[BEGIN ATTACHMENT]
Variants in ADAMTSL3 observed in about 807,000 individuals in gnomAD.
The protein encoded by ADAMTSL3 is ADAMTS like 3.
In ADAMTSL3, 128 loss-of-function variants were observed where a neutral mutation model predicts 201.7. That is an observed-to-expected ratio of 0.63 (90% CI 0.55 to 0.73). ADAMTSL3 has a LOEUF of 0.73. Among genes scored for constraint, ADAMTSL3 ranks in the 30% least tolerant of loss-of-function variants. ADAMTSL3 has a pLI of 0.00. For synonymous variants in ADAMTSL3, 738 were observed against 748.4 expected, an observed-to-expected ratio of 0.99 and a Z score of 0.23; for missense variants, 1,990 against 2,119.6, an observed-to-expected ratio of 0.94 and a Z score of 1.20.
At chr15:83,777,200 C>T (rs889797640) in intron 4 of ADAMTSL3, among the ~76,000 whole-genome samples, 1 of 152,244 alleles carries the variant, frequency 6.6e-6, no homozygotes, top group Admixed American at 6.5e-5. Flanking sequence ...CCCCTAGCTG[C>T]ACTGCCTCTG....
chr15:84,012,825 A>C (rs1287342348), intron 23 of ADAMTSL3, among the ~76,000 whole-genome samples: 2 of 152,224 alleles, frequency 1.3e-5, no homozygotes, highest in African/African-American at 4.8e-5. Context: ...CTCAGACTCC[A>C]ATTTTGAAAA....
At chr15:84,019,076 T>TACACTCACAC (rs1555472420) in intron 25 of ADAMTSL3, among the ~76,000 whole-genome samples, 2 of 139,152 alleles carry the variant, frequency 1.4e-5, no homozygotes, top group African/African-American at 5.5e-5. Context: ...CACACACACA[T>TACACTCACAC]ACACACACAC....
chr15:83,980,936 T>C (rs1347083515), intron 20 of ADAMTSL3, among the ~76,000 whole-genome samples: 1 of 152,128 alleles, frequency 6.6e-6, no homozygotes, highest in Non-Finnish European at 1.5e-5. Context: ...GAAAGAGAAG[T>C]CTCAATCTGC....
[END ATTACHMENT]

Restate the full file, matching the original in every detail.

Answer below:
Variants in ADAMTSL3 observed in about 807,000 individuals in gnomAD.
The protein encoded by ADAMTSL3 is ADAMTS like 3.
In ADAMTSL3, 128 loss-of-function variants were observed where a neutral mutation model predicts 201.7. That is an observed-to-expected ratio of 0.63 (90% CI 0.55 to 0.73). ADAMTSL3 has a LOEUF of 0.73. Among genes scored for constraint, ADAMTSL3 ranks in the 30% least tolerant of loss-of-function variants. ADAMTSL3 has a pLI of 0.00. For synonymous variants in ADAMTSL3, 738 were observed against 748.4 expected, an observed-to-expected ratio of 0.99 and a Z score of 0.23; for missense variants, 1,990 against 2,119.6, an observed-to-expected ratio of 0.94 and a Z score of 1.20.
At chr15:83,777,200 C>T (rs889797640) in intron 4 of ADAMTSL3, among the ~76,000 whole-genome samples, 1 of 152,244 alleles carries the variant, frequency 6.6e-6, no homozygotes, top group Admixed American at 6.5e-5. Flanking sequence ...CCCCTAGCTG[C>T]ACTGCCTCTG....
chr15:84,012,825 A>C (rs1287342348), intron 23 of ADAMTSL3, among the ~76,000 whole-genome samples: 2 of 152,224 alleles, frequency 1.3e-5, no homozygotes, highest in African/African-American at 4.8e-5. Context: ...CTCAGACTCC[A>C]ATTTTGAAAA....
At chr15:84,019,076 T>TACACTCACAC (rs1555472420) in intron 25 of ADAMTSL3, among the ~76,000 whole-genome samples, 2 of 139,152 alleles carry the variant, frequency 1.4e-5, no homozygotes, top group African/African-American at 5.5e-5. Context: ...CACACACACA[T>TACACTCACAC]ACACACACAC....
chr15:83,980,936 T>C (rs1347083515), intron 20 of ADAMTSL3, among the ~76,000 whole-genome samples: 1 of 152,128 alleles, frequency 6.6e-6, no homozygotes, highest in Non-Finnish European at 1.5e-5. Context: ...GAAAGAGAAG[T>C]CTCAATCTGC....